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Pump Types and Operation
A Pump is a mechanical device used to transfer liquids from one point to other by imparting energy supplied by a prime mover to the liquid. The prime mover can be an electric motor, an I.C. engine, or a steam engine or turbine. The power required to pump the liquid depends on the quantity of the liquid, the height (Head) to which it is to be lifted, and the viscosity of the liquid.
How Does a Pump Work?
A Pump works by imparting energy supplied by the prime mover, to the liquid, in two ways namely;
1. By imparting kinetic energy to the liquid by an impeller as in Centrifugal Pumps
2. By physically pushing (displacing) the liquid as in Displacement Pumps
Centrifugal Pumps work on the principle of Centrifugal Force acting on any mass when rotating. The liquid entering the eye of the impeller comes in contact with the rotating impeller, takes up the kinetic energy from it, and is acted upon by Centrifugal Force causing it to move towards the periphery of the impeller. On leaving the periphery of impeller, it enters the Volute Chamber or the Diffuser Vanes where its kinetic energy is converted into pressure. This pressure in the liquid causes it to move ahead in the pipes to its delivery point.
More than one impeller may be fitted on same shaft operating in similarly designed casing. Such Pumps are called Two-Stage, Three –Stage, or Multi-Stage Centrifugal Pumps.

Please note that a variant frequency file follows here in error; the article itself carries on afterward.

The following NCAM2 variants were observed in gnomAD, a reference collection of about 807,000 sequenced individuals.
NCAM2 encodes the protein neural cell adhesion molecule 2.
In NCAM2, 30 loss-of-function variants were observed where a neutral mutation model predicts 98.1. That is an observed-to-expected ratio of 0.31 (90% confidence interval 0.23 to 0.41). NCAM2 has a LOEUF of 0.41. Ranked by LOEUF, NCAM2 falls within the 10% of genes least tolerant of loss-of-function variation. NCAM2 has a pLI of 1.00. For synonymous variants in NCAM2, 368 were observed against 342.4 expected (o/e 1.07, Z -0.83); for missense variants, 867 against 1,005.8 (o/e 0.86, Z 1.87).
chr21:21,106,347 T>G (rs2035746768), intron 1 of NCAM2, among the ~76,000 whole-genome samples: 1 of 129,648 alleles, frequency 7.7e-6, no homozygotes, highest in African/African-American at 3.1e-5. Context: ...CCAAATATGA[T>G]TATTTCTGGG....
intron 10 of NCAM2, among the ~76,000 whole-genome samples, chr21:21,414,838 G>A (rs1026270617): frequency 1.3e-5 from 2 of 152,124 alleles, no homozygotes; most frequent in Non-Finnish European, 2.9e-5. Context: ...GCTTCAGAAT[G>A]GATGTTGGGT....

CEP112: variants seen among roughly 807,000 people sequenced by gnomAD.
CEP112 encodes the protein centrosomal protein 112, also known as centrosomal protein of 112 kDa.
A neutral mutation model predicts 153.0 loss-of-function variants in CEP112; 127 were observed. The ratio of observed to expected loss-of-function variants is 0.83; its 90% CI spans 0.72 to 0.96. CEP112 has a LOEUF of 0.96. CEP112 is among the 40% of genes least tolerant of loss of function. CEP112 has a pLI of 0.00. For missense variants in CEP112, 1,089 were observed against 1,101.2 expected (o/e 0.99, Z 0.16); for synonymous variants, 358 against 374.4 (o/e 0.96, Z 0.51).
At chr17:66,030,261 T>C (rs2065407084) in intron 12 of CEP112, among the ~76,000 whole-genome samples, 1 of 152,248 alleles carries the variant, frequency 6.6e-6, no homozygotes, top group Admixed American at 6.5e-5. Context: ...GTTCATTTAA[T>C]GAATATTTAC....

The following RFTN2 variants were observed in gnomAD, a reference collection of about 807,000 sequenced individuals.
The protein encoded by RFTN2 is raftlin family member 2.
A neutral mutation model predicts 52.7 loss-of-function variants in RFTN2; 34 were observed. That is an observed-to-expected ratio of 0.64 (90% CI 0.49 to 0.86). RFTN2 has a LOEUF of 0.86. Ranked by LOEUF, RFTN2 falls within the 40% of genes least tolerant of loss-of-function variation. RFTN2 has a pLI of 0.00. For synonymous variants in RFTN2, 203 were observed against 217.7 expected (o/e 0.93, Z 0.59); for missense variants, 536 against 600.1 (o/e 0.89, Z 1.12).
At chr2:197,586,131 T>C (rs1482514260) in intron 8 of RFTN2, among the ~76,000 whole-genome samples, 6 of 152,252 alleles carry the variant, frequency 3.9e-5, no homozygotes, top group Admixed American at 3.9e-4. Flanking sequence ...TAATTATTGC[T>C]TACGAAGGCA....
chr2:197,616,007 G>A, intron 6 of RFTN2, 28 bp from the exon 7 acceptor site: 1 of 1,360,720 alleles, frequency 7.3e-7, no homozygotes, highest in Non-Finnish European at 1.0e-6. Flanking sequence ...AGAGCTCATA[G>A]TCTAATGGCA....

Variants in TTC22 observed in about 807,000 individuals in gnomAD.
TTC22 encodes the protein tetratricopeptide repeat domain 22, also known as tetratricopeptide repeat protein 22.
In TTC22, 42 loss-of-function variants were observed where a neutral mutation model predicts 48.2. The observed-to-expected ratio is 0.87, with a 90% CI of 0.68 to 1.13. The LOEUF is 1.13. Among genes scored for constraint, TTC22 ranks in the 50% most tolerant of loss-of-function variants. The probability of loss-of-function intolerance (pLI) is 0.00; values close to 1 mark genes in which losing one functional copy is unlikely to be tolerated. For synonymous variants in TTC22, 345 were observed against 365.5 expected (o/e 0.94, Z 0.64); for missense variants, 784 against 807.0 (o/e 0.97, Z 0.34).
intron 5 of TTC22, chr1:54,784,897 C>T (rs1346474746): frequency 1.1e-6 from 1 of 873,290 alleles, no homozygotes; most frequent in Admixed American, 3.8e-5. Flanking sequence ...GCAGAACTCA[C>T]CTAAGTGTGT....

Displacement Pumps are of mainly two types: Reciprocating Piston Pumps and Rotary Pumps. There are several variants in Reciprocating Piston Pumps. Similarly, there are several Rotary Displacement Pumps like Gear Pumps, Screw Pumps, and Vane Pumps. All the Displacement Type Pumps work on the same principle, i.e. by physically displacing the liquid by pump’s moving parts.
A Reciprocating Pump has a piston or plunger moving up and down via a crankshaft rotated by an electric motor. The top space above the piston is connected to suction and delivery pipes through suction and delivery valves. When the piston moves down, the suction valve opens and liquid from the suction pipe enters and fills the cylinder space above piston. Similarly, when the piston moves up, the liquid in the space above piston is pushed out through delivery valve into the delivery pipe.
When only space above the piston is used, the pump is called Single Acting Pump. However, the under side of the piston also can be fitted with suction and delivery valves, connecting to suction and delivery pipes and used as separate unit. The pump using both sides of the piston is called Double Acting Pump.
You can have more than one piston operated from the same shaft with more than one number of crank throws. Such a pump with two pistons is termed as Duplex Pump and one with three pistons is termed as Triplex Pump.
Rotary Type Displacement Pumps do not require Suction and Delivery Valves connecting to suction and delivery pipes as, the liquid is always pushed in one direction and there is no reversal of motion as in Reciprocating Pumps. All of the Rotary Displacement Pumps like Gear Pump, Screw Pump, Vane Pump etc. work on same principle: the liquid is trapped between teeth, threads, or vanes and is pushed from the suction side to the delivery side by rotating parts. Screw Pumps can have a Single Screw, Double Screw, or Triple Screw to work as multiple units.